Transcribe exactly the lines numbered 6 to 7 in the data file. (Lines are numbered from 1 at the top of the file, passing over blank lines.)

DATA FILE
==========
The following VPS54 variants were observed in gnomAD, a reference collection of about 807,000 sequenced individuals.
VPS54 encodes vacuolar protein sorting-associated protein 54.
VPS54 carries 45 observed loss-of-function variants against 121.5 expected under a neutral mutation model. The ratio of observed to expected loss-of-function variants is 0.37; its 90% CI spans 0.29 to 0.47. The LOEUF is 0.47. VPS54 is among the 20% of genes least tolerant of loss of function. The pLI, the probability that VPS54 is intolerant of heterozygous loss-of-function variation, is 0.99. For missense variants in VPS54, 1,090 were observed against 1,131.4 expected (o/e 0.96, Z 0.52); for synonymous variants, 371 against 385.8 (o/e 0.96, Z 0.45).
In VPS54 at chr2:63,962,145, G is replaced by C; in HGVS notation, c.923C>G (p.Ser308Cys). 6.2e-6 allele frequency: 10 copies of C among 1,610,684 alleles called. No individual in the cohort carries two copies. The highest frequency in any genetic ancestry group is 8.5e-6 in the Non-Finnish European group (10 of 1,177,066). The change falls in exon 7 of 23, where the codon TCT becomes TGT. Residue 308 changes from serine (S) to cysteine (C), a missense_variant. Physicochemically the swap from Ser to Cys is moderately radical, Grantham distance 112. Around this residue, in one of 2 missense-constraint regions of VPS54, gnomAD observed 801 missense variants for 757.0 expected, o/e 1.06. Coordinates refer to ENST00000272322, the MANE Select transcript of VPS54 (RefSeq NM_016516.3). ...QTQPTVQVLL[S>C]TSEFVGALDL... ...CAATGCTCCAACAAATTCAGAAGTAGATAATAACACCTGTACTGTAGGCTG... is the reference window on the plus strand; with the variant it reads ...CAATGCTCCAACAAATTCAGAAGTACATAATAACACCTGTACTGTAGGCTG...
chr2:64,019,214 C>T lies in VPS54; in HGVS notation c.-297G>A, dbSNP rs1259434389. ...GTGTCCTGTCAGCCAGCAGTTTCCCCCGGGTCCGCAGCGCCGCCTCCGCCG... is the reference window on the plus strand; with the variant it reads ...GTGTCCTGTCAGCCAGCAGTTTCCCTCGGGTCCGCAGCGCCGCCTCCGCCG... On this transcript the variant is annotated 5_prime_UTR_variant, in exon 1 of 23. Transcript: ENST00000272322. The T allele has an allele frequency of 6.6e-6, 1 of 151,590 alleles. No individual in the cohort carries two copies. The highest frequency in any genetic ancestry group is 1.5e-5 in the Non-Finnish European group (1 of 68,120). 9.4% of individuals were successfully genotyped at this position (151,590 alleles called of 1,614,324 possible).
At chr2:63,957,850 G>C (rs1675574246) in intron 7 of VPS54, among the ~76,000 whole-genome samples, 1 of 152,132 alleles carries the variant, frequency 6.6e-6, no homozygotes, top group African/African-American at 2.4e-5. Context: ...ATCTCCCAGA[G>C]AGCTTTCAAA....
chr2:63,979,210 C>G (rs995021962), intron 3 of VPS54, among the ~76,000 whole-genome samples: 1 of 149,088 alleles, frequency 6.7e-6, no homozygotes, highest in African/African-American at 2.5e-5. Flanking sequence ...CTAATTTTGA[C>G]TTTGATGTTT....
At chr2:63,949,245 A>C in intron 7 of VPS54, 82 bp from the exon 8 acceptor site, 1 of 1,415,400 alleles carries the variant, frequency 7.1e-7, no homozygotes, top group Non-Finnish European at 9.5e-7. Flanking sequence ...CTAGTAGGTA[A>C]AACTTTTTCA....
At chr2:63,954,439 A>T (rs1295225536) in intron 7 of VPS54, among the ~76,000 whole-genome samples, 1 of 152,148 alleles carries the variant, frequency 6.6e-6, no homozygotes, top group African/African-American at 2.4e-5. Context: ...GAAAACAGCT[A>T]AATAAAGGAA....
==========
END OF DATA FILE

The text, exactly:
At chr2:63,957,850 G>C (rs1675574246) in intron 7 of VPS54, among the ~76,000 whole-genome samples, 1 of 152,132 alleles carries the variant, frequency 6.6e-6, no homozygotes, top group African/African-American at 2.4e-5. Context: ...ATCTCCCAGA[G>C]AGCTTTCAAA....
chr2:63,979,210 C>G (rs995021962), intron 3 of VPS54, among the ~76,000 whole-genome samples: 1 of 149,088 alleles, frequency 6.7e-6, no homozygotes, highest in African/African-American at 2.5e-5. Flanking sequence ...CTAATTTTGA[C>G]TTTGATGTTT....